An Ode to Czech Potters

Korea, Europe, the Americas, and abroad
User avatar
lUKAV28
Posts: 104
Joined: Fri May 03, 2019 2:00 pm
Location: Ljubljana, Slovenia

Wed Mar 04, 2020 1:05 am

Bok wrote:
Tue Mar 03, 2020 10:41 pm
lUKAV28 wrote:
Tue Mar 03, 2020 9:07 am
But it does beat me why the Czech Republic has such a strong pottery scene. Maybe the success of Petr Novak put a spotlight on other potters like Pavek and Duchek and now even younger potters are building its names like Sklenicka. And the scene is even broader if you put woodworks by Ondrej (Samorost).
Is it really strong though? Seems to me it's those three and that's it. Not forgetting Novak's female partner Mirka Randova. Pavek to me is still a novice potter, not up to the level of Novak, still some learning and improvement to do.

In regards to clay, I remember reading Novaks blog, where he mentioned getting the majority of his clay from Germany, where it is prepared industrially. My favourite pots and background story of his are the ones he made from clay taken from Sun Moon lake in Taiwan. That was also the occasion that I met Petr and his tea ware while he was having an exhibition in Taichung. I was surprised how small some of his pieces are, difficult to guess from his images...
There are few more, yes, Bero, Jiri Lang, Aleš Belin and so on. Although I agree with you on the “not on the same level”, they keep improving. Latest Pavek works are really something to look at but I don’t own any of his pieces (yet) so I can’t judge. Otherwise with Duchek and Lang I like how the beauty of their works fully reveal when you start using them. Like an additional layer unfolds in front of you. Well thought craftsmanship.

As for Novak and Mirka, I am starting to appreciate their work more and more but it is really hard to get closer to it on their tea & pot club as they are sold immediately. Would love to grab a tea boat and a tea jar.

Also thank you for sharing the story. Didn’t know Petr used Taiwanese clay on some of his works. I can only imagine how would that work.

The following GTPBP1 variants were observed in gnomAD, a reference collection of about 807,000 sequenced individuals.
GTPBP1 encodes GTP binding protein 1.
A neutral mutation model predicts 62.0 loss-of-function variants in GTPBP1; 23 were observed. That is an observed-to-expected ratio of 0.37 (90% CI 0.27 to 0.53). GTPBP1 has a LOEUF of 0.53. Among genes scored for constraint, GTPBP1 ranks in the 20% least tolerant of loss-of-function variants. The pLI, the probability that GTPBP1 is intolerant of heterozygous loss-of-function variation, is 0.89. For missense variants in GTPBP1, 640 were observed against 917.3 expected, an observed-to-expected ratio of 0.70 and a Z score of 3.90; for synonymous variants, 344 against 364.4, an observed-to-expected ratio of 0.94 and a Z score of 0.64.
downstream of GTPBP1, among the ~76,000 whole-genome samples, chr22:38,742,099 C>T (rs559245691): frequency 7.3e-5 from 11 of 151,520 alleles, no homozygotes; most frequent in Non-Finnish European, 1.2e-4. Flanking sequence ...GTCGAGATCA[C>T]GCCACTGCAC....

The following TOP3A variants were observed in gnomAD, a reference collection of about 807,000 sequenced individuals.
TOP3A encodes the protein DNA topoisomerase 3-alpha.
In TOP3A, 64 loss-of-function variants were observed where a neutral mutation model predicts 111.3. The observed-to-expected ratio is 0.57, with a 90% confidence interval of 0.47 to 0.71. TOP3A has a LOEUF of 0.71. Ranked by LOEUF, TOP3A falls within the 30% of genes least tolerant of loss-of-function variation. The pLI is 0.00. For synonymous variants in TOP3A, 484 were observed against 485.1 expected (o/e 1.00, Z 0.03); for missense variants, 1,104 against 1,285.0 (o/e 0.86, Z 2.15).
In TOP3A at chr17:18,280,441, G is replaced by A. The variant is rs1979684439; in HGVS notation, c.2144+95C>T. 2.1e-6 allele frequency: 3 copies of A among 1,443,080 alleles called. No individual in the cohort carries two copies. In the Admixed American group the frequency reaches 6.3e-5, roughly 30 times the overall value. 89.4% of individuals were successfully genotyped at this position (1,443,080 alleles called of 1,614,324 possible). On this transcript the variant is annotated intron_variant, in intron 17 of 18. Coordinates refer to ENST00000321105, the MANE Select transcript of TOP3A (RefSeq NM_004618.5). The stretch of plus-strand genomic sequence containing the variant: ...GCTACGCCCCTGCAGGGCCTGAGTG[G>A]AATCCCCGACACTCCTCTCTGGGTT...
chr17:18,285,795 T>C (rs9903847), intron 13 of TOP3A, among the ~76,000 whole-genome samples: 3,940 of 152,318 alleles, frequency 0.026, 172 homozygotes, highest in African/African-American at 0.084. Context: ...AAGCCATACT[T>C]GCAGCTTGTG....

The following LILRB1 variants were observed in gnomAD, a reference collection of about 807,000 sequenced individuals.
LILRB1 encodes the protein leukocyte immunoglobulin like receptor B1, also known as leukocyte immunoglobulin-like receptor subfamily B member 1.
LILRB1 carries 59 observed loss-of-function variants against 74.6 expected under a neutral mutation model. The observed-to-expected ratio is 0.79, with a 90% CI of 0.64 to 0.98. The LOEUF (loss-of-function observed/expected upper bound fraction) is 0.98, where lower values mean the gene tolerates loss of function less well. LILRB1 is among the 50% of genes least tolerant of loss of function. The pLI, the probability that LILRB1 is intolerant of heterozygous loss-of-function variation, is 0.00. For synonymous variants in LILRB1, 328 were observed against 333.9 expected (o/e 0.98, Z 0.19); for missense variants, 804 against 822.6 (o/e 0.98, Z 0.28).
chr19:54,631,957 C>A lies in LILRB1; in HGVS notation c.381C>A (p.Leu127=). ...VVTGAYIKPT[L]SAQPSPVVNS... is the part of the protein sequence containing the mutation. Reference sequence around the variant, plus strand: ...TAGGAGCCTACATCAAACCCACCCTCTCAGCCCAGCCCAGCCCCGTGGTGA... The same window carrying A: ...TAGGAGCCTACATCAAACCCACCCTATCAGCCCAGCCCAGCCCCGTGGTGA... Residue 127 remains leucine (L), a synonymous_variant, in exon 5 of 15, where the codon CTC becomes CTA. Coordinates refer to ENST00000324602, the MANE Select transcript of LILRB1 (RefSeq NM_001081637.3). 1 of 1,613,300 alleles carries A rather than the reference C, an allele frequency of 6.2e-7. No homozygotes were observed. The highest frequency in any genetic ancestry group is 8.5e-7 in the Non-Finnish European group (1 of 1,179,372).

User avatar
Bok
Vendor
Posts: 3723
Joined: Wed Oct 04, 2017 8:55 am
Location: Taiwan

Wed Mar 04, 2020 2:25 am

lUKAV28 wrote:
Wed Mar 04, 2020 1:05 am
Also thank you for sharing the story. Didn’t know Petr used Taiwanese clay on some of his works. I can only imagine how would that work.
You don't have to, here's the link with images to the story: http://potsandtea.blogspot.com/2014/09/ ... apots.html
User avatar
Bok
Vendor
Posts: 3723
Joined: Wed Oct 04, 2017 8:55 am
Location: Taiwan

Wed Mar 04, 2020 2:31 am

lUKAV28 wrote:
Wed Mar 04, 2020 1:05 am
Bero
Bero is Polish isn't he?

I remember him undeservedly being in the shadow of Petr when they had that joint exhibition in Taiwan. Lots of foreigners there all swarming around Petr, while Bero was humbly standing by…

In my opinion Bero is the more versatile and creative of the two. He should get more recognition than he does presently.

Novak is more a kind of monkishly repeating the same things over and over with subtle changes – which is of course a viable strategy, for me though it’s becoming a bit of a Red Hot Chilli Pepper’s moment, if you heard one song, you’ve heard them all…
User avatar
hopeofdawn
Posts: 65
Joined: Tue Feb 06, 2018 4:56 pm

Wed Mar 04, 2020 2:51 am

I'm not sure I agree with that, as every time I see a pots and tea club offering go up he seems to be experimenting with new glazes and variations on his forms. He doesn't completely switch style, of course, but there's a definite evolution there. In fact I have a couple pieces of his with very unique glazing techniques/colors that I've never seen him replicate--and I definitely wish he'd do more like them!

In contrast, the photos I've seen of other Czech potters work seem to be very ... rustic, perhaps? The spouts are stubby and short, the pots are often cylindrical in shape, and handles are sized to fit--all perfectly functional, and yet lacking a little bit, I think, in refinement and balance. (That said, I have not bought any of these pots and do not know how they handle or pour. Perhaps they are a joy to use. I can only judge from what I've seen in the pictures.) I also have yet to see a glaze that really makes me stop and go 'oh wow' like some of Petr and Mirka's glazes do (her recent 'snow' cups being a prime example).

Of course, all art is in the eye of the beholder, so your mileage may vary.
User avatar
aet
Posts: 213
Joined: Tue Feb 06, 2018 7:56 pm
Location: Kunming ( China )

Wed Mar 04, 2020 4:52 am

Well, speak of the beer taxes . There is a new law being enforced which complicates all matter of consuming. Separated on takeway, drink in bar. I'm not sure how big difference is with tax on tea, yet alcohol should be higher , I believe.